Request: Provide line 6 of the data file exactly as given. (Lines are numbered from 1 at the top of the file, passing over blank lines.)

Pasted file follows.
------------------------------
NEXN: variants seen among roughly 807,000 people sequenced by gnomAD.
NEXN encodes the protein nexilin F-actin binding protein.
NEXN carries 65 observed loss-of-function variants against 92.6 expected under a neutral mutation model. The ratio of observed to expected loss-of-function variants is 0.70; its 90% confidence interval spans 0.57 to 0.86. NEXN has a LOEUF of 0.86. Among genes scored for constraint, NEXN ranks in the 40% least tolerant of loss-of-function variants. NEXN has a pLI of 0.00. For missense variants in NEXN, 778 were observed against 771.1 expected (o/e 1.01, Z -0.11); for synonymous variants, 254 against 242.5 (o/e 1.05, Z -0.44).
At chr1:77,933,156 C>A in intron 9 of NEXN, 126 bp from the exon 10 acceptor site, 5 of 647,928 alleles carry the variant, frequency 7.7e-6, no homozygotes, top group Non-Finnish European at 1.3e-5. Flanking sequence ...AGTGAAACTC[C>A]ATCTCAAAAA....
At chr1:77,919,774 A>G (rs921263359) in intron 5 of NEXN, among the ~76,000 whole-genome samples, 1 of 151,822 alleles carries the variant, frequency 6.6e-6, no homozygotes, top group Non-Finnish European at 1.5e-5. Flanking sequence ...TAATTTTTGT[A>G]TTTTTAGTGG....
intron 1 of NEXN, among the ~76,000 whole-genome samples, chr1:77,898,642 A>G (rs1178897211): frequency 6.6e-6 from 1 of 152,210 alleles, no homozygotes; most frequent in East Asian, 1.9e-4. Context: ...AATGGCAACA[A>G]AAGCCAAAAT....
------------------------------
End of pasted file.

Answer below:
intron 1 of NEXN, among the ~76,000 whole-genome samples, chr1:77,898,642 A>G (rs1178897211): frequency 6.6e-6 from 1 of 152,210 alleles, no homozygotes; most frequent in East Asian, 1.9e-4. Context: ...AATGGCAACA[A>G]AAGCCAAAAT....